Land will buffer North Park, reduce stormwater runoff in Pine Creek watershed
Allegheny County Executive Dan Onorato today announced the purchase and protection of 73 acres of wooded land in the Irwin Run Valley adjacent to North Park in Pine Twp. Allegheny County provided more than half of the funding to acquire the property, which will be called the Irwin Run Conservation Area and held in perpetuity by Allegheny Land Trust.
“The benefits of conserving this land in the Irwin Run Valley reach far beyond protecting beautiful green space and helping to maintain the water quality of North Park Lake,” said Onorato. “Downstream communities in the Pine Creek watershed, such as Hampton, Shaler and Etna, will benefit from the land’s capacity to hold back nearly 60 million gallons of rainwater
before it becomes stormwater each year.”
The land will help to buffer North Park from development and protect beneficial wetlands, densely wooded slopes and a stream valley. These natural features trap sediment and silt before they reach North Park Lake. A closed portion of Irwin Road provides a beautiful walking trail through the property and access to additional North Park trails.
The establishment of the Irwin Run Conservation Area is consistent with the County Executive’s commitment to sustainable practices, as well as his goals of protecting open space and greenways, expanding the region’s parks and trails system, and reducing urban, agricultural and industrial pollution runoff to protect streams and watersheds.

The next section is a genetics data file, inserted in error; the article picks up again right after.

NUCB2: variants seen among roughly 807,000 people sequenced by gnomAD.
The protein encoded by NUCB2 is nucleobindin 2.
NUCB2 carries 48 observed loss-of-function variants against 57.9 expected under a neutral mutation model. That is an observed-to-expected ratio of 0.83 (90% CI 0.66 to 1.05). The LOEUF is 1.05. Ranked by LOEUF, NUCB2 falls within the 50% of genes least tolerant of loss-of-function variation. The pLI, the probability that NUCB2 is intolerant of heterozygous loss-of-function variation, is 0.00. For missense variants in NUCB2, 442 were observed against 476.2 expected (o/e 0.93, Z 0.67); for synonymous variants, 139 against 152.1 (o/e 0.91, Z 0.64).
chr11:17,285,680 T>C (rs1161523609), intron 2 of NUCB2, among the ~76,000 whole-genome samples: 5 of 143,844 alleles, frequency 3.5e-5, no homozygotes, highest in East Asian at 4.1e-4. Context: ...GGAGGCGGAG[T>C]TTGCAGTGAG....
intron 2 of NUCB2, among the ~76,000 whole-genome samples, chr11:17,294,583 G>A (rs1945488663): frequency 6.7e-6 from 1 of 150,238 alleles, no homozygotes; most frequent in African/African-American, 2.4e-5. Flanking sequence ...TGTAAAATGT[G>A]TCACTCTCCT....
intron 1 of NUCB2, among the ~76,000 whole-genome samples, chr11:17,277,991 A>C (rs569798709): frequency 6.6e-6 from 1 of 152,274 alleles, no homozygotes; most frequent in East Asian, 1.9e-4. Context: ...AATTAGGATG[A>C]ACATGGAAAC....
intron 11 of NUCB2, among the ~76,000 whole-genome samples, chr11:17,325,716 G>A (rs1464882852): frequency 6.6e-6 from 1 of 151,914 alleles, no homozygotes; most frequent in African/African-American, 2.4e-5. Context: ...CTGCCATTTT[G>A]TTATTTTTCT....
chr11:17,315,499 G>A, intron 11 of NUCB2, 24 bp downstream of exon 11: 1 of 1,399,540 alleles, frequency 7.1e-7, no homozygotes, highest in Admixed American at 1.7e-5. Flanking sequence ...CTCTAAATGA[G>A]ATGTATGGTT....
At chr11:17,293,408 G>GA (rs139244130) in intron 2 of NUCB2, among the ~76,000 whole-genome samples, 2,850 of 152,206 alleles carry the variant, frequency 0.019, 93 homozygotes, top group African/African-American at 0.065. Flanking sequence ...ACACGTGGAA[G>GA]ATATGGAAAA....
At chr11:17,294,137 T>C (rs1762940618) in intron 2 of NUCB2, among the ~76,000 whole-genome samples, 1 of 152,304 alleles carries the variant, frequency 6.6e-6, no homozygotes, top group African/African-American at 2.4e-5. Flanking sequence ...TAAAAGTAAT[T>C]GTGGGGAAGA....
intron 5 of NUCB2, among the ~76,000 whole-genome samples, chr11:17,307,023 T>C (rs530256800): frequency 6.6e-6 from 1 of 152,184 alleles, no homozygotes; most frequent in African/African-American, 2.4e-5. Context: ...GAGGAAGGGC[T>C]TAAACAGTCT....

The purchase price of the land was $500,000, which included $253,200 from Allegheny County’s portion of Growing Greener funding from the Pennsylvania Department of Conservation & Natural Resources. The Laurel Foundation, Pittsburgh Foundation, Sierra Club’s Huplits Trust, and BP Foundation through the Pennsylvania Department of Environmental Protection provided nearly $217,000 in grants. Several local residents, community groups and organizations raised more than $30,000.
“Our hat is off to the local residents, businesses and organizations who reached deep into their pockets to raise the final dollars needed to meet our goal,” said Allegheny Land Trust Executive Director Roy Kraynyk. “They will be rewarded for years to come with the natural beauty of this wonderful green space, its trails and clean flowing streams.”
The North Area Environmental Council, Friends of North Park, Rachel Carson Trails Conservancy, and neighboring homeowners associations also participated in the effort to protect the land.
“This project is another great example of collaboration between Allegheny County, Commonwealth agencies, our vibrant non-profit sector and the community,” added Onorato. “I want to thank the foundations for providing significant grants, the neighborhood groups for fundraising door to door, and Allegheny Land Trust for bringing their expertise in local land conservation.”